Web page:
The first three paragraphs:
Looking for a Democratic Tough Guy, or Girl
By MAUREEN DOWD
The Democrats were throwing haymakers at the White House this week, but they will never succeed as long as they're perceived as the party in skirts.
Al Gore, John Kerry and Hillary Clinton called the Bush administration on its apparently bottomless store of imperial sins. They made a lot of good points. They just didn't score any.
This trio, apparently jockeying for '08, are not the best messengers. They're loaded down with baggage.
Two of them, who could have stopped W. and Dick Cheney before they undid 230 years of American democracy, didn't, because they allowed themselves to be painted as girlie men. The other, a manly girl, has been so cautious and opportunistic about weighing in on everything from Schiavo to Alito and Iraq that when she finally sang out on Monday and railed against W., she sounded more soprano than basso profundo.
It was easy for the Republicans to play their usual gender games and dismiss the three Democrats as whiny, shrill and ineffectual.
Here's the note I pasted into Dowd's "contact" box:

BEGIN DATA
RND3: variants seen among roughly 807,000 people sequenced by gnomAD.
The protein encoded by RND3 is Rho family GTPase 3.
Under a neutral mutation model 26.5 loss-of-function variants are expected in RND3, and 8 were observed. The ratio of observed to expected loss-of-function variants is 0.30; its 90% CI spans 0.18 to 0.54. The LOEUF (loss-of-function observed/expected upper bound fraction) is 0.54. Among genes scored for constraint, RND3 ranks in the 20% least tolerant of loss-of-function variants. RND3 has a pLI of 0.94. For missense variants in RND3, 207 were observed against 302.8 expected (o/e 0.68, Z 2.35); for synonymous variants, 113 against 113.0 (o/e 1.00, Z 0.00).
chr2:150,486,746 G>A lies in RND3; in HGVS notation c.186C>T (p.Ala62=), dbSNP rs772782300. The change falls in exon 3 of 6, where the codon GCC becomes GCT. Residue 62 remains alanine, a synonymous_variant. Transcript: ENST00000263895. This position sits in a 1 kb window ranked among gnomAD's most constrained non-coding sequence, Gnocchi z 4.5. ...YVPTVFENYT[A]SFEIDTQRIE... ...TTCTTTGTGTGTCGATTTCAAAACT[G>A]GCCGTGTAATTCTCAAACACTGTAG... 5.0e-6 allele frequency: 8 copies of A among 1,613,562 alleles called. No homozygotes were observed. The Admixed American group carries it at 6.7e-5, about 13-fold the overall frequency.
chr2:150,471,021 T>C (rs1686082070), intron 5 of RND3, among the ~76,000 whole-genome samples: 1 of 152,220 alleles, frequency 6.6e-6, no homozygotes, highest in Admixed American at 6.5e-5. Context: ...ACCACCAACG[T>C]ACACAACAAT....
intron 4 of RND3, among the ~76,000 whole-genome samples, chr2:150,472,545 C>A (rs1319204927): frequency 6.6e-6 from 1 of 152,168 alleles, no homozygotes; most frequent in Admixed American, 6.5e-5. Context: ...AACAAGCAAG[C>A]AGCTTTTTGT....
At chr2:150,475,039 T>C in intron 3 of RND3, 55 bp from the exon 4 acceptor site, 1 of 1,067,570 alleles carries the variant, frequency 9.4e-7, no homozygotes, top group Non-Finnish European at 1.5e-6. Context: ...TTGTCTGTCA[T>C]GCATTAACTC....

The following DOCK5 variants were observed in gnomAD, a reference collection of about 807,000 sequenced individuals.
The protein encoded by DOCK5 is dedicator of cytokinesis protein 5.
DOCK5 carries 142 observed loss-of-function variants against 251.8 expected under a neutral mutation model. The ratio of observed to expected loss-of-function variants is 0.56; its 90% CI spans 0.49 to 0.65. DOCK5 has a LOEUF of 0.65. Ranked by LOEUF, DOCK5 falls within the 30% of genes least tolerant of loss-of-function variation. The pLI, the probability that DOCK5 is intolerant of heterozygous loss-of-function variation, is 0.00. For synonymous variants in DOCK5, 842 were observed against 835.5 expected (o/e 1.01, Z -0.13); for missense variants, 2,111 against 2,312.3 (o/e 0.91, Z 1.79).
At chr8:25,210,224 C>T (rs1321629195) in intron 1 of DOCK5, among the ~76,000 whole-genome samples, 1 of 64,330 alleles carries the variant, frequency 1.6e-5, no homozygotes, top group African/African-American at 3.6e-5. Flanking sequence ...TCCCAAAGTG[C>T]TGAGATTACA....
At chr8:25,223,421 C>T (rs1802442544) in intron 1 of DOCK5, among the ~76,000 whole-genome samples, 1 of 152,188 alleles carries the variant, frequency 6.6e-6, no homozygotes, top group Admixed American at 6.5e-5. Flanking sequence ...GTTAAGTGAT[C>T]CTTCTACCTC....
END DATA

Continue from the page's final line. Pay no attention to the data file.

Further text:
"In spite of your efforts to the contrary, Gore did win the 2000 popular vote, a fact most Gore bashers always leave out. If the Florida votes were counted fairly, he would have won the electoral votes as well.
I really don’t understand why, when it comes to the Democratic opposition, you continue to parrot Republican talking points. Gore was the victim of an extensive smear campaign that had little to do with facts. For whatever reasons, celebrity journalists disliked him, favored Bush, and took every opportunity to portray Gore negatively. You know this well, since you were one of the players. Why now continue with the personal slander, when we all know better, instead of sticking with the eloquent message Gore delivered?
You, thanks to your dishonest portraits of the Democratic candidates, are partly responsible for the mess we are now in. Seems to me you can be counted on to put aside integrity when presented with an opportunity to be outrageous. You’d rather be interesting than fair.
I picture you squeezing your eyes shut, jamming your fingers in your ears and shrieking when something positive about Gore (and most other Democrats) comes to your attention--a sorry posture for a journalist."